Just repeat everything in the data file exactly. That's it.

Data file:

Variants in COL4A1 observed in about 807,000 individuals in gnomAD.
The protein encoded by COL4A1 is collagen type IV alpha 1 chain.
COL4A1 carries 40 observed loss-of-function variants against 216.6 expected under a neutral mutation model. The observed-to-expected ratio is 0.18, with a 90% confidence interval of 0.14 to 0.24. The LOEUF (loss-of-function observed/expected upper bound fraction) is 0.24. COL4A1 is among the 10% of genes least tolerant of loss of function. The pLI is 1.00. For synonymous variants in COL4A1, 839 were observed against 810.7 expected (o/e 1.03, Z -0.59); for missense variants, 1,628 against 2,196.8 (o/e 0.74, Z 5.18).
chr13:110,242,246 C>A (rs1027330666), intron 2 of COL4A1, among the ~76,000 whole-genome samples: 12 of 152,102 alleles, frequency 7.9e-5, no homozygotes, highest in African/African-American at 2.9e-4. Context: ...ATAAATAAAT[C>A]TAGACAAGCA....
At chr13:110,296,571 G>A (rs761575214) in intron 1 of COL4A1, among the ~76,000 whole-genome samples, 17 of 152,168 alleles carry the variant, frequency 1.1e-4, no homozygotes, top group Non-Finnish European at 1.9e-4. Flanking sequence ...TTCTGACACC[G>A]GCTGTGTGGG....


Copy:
Variants in COL4A1 observed in about 807,000 individuals in gnomAD.
The protein encoded by COL4A1 is collagen type IV alpha 1 chain.
COL4A1 carries 40 observed loss-of-function variants against 216.6 expected under a neutral mutation model. The observed-to-expected ratio is 0.18, with a 90% confidence interval of 0.14 to 0.24. The LOEUF (loss-of-function observed/expected upper bound fraction) is 0.24. COL4A1 is among the 10% of genes least tolerant of loss of function. The pLI is 1.00. For synonymous variants in COL4A1, 839 were observed against 810.7 expected (o/e 1.03, Z -0.59); for missense variants, 1,628 against 2,196.8 (o/e 0.74, Z 5.18).
chr13:110,242,246 C>A (rs1027330666), intron 2 of COL4A1, among the ~76,000 whole-genome samples: 12 of 152,102 alleles, frequency 7.9e-5, no homozygotes, highest in African/African-American at 2.9e-4. Context: ...ATAAATAAAT[C>A]TAGACAAGCA....
At chr13:110,296,571 G>A (rs761575214) in intron 1 of COL4A1, among the ~76,000 whole-genome samples, 17 of 152,168 alleles carry the variant, frequency 1.1e-4, no homozygotes, top group Non-Finnish European at 1.9e-4. Flanking sequence ...TTCTGACACC[G>A]GCTGTGTGGG....